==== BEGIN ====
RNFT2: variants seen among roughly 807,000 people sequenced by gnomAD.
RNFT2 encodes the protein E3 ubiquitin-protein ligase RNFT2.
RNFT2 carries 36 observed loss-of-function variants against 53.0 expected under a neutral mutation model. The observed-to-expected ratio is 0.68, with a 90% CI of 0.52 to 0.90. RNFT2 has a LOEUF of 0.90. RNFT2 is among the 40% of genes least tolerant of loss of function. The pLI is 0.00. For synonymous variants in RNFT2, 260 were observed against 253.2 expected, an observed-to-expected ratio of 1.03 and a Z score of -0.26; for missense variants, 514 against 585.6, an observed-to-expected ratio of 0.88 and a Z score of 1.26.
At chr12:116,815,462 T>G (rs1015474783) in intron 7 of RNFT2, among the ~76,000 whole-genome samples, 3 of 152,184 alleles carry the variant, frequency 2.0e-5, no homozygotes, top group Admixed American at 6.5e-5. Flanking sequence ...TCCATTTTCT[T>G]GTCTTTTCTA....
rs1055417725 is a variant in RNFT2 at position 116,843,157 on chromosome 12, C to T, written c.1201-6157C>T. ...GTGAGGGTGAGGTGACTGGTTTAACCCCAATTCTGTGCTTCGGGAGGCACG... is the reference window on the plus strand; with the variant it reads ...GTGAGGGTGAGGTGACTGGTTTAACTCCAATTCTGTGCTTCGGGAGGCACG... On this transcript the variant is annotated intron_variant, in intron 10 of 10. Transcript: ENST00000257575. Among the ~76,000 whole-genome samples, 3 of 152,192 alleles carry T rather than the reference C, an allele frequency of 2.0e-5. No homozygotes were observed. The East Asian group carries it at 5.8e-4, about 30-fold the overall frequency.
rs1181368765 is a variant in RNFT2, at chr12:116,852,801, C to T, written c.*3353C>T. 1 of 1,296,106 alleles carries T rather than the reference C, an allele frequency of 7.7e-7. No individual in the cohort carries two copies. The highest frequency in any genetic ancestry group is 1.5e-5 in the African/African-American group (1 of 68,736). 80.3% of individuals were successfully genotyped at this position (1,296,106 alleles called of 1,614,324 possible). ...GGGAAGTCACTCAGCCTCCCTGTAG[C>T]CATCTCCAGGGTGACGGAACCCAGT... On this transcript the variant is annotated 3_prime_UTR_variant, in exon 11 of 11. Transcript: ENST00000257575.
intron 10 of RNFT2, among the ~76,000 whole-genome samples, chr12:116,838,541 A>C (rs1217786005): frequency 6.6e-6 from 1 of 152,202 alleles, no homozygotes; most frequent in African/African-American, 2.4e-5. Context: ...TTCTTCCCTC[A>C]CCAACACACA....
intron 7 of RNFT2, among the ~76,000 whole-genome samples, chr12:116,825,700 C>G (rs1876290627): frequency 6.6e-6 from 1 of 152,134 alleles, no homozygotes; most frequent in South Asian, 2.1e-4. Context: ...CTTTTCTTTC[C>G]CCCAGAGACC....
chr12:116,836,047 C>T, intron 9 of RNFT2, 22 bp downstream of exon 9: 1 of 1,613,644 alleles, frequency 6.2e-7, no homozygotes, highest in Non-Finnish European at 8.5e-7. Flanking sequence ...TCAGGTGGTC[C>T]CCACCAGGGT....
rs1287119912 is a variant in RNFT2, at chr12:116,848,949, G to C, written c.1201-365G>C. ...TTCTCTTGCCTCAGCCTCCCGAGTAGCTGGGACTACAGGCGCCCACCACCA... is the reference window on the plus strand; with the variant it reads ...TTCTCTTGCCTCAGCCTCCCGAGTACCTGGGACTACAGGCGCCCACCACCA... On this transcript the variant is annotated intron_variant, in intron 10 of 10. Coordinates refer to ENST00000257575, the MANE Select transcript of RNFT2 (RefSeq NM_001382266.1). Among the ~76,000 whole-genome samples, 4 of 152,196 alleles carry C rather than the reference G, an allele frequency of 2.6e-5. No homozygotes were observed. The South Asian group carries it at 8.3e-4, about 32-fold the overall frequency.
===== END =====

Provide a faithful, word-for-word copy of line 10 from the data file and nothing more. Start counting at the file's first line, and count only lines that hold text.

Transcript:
rs1287119912 is a variant in RNFT2, at chr12:116,848,949, G to C, written c.1201-365G>C. ...TTCTCTTGCCTCAGCCTCCCGAGTAGCTGGGACTACAGGCGCCCACCACCA... is the reference window on the plus strand; with the variant it reads ...TTCTCTTGCCTCAGCCTCCCGAGTACCTGGGACTACAGGCGCCCACCACCA... On this transcript the variant is annotated intron_variant, in intron 10 of 10. Coordinates refer to ENST00000257575, the MANE Select transcript of RNFT2 (RefSeq NM_001382266.1). Among the ~76,000 whole-genome samples, 4 of 152,196 alleles carry C rather than the reference G, an allele frequency of 2.6e-5. No homozygotes were observed. The South Asian group carries it at 8.3e-4, about 32-fold the overall frequency.